270 articles from MONDAY 9.3.2020

Collective dynamics of active matter systems

A study provides new details about the collective motion of individual agents in a liquid-crystal-like system, which could help in better understanding bacterial colonies, structures and systems in the human body, and other forms of active matter.

Study reveals collective dynamics of active matter systems

Flocks of starlings that produce dazzling patterns across the sky are natural examples of active matter—groups of individual agents coming together to create collective dynamics. In a study featured on the cover of the March 6 issue of the journal Science, a team of researchers that includes Brown University physicists reveals new insights into what happens inside active matter systems.

'Deceptively simple' process could boost plastics recycling

Plastics are a victim of their own success, so inexpensive, easy to use and versatile that the world is awash in plastic waste. Now researchers from the University of Houston have reported a new method of producing polyolefins—made from hydrocarbons and the most common building block of plastics—structured to address one of the biggest stumbling blocks to plastics recycling.

How a virus forms its symmetric shells

Viruses—small disease-causing parasites that can infect all types of life forms—have been well studied, but many mysteries linger. One such mystery is how a spherical virus circumvents energy barriers to form symmetric shells.

Discovery points to origin of mysterious ultraviolet radiation

Billions of lightyears away, gigantic clouds of hydrogen gas produce a special kind of radiation, a type of ultraviolet light known as Lyman-alpha emissions. The enormous clouds emitting the light are Lyman-alpha blobs (LABs). LABs are several times larger than our Milky Way galaxy, yet were only discovered 20 years ago. An extremely powerful energy source is necessary to produce this...

Climate variations may impact the base of the food web along the California coast

In a recent study published in Marine Ecology Progress Series, researchers at California Polytechnic State University revealed that in addition to seasonal changes in winds and ocean temperatures, natural climate cycles greatly influenced the base of the food web at the Cal Poly Pier in San Luis Obispo Bay, an embayment located in Central California in the California Current Large Marine...

Male size advantage drives evolution of sex change in reef fish

Some species of fish, notably parrotfish and wrasses living on coral reefs, change their biological sex as they age, beginning life as females and later becoming functionally male. New work from the University of California, Davis, shows that this sequential hermaphroditism evolves when bigger males gain an advantage in reproductive success—for example by defending a permanent mating territory.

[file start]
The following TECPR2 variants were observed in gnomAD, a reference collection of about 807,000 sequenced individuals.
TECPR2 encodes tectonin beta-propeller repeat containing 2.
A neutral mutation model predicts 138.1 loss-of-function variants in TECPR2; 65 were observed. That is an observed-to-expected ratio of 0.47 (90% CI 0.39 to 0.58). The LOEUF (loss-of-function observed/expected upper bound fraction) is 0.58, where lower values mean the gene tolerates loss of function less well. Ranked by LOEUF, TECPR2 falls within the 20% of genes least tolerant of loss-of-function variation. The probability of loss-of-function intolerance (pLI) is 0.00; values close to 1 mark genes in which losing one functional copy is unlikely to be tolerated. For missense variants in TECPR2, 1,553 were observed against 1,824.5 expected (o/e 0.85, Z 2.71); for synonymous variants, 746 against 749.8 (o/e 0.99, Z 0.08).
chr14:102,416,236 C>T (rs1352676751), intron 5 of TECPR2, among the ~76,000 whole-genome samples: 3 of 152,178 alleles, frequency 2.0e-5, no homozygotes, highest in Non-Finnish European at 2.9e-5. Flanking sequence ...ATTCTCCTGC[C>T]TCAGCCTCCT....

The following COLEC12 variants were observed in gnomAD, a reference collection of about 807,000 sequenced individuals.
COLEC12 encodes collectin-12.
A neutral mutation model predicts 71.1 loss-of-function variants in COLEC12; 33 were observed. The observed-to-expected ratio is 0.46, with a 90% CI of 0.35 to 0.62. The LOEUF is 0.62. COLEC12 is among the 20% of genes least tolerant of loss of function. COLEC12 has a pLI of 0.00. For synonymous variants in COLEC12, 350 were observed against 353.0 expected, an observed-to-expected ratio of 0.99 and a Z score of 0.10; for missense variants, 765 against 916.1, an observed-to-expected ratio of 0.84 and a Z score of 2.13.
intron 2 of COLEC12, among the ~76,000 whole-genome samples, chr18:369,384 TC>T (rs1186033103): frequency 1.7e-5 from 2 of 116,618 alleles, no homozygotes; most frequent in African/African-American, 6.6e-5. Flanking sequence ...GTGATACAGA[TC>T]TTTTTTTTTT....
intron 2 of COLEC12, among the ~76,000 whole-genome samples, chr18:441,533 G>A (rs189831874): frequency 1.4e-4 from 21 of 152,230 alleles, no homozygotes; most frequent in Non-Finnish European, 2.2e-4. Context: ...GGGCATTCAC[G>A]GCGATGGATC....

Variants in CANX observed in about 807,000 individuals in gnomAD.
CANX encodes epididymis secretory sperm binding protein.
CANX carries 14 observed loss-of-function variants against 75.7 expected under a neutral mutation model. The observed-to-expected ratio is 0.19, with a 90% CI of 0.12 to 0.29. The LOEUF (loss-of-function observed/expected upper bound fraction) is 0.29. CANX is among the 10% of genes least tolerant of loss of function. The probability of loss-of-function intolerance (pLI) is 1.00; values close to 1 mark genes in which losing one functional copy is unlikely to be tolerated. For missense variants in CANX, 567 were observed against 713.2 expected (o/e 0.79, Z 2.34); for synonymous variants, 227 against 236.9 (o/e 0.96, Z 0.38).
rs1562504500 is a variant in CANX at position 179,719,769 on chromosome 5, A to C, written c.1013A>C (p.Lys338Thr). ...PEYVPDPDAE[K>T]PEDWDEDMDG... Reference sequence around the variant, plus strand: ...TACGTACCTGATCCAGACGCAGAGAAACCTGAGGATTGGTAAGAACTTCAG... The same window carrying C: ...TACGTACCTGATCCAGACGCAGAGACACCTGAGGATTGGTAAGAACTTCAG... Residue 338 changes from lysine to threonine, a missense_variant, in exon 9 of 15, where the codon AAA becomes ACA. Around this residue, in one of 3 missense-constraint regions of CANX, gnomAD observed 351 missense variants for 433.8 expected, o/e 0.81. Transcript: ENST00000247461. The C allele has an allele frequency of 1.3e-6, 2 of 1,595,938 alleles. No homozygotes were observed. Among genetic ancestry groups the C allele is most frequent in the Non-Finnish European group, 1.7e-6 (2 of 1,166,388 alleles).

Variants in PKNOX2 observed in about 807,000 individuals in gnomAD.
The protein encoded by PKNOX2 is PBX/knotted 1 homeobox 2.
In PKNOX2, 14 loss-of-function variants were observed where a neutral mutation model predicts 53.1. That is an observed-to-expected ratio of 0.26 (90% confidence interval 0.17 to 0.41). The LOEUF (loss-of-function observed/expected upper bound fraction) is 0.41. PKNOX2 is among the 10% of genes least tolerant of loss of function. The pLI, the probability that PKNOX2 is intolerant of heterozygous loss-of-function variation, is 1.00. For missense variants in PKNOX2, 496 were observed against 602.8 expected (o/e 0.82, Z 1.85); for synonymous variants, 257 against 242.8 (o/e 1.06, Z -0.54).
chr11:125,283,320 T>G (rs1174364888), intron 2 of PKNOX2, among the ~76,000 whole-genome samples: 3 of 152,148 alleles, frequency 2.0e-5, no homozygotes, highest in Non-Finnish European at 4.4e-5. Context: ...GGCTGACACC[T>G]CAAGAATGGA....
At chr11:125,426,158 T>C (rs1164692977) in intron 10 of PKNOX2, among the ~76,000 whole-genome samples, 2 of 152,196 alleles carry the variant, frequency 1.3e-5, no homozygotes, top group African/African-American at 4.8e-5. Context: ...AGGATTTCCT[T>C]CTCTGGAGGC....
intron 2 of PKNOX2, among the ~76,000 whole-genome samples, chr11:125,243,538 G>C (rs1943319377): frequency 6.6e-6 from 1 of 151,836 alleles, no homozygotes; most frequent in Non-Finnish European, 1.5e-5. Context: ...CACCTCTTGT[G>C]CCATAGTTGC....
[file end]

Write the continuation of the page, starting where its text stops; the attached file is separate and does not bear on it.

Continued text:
Coronavirus sufferers symptom-free for five days on average – study

Findings suggest the 14-day quarantine period used around world strikes a good balance Coronavirus – live updatesPeople infected with coronavirus are symptom-free for an average of five days, according to a study that reinforces the need for strict quarantine measures.The analysis found that 5.1 days was the median length of time before people started showing signs of illness, although there was...

Discovery points to origin of mysterious ultraviolet radiation

Lyman-alpha blobs (LABs) are gigantic clouds of hydrogen gas that produce a special type of ultraviolet light known as Lyman-alpha emission. An extremely powerful energy source must produce this radiation, but scientists debate what that energy source is. A study of Lyman-alpha blob 6 (LAB-6) is the first LAB with strong evidence of an infalling gas feature. The findings suggest that star-forming...

How a virus forms its symmetric shells

Viruses have been well studied, but many mysteries linger. One such mystery is how a spherical virus circumvents energy barriers to form symmetric shells. A research team has made progress is solving this mystery. The team reports that an interplay of energies at the molecular level makes the formation of a shell possible.

Male size advantage drives evolution of sex change in reef fish

Some species of fish, notably parrotfish and wrasses living on coral reefs, change their biological sex as they age, beginning life as females and later becoming functionally male. New work shows that this sequential hermaphroditism evolves when bigger males gain an advantage in reproductive success -- for example by defending a permanent mating territory.

Gene therapy reverses heart failure in mouse model of Barth syndrome

Barth syndrome is a rare genetic disease in boys that can cause life-threatening heart failure and also weakens the skeletal muscles and the immune system. There is no specific treatment, but new research, involving new mouse models, shows the potential of a gene therapy approach in preventing and reversing cardiac dysfunction in Barth syndrome.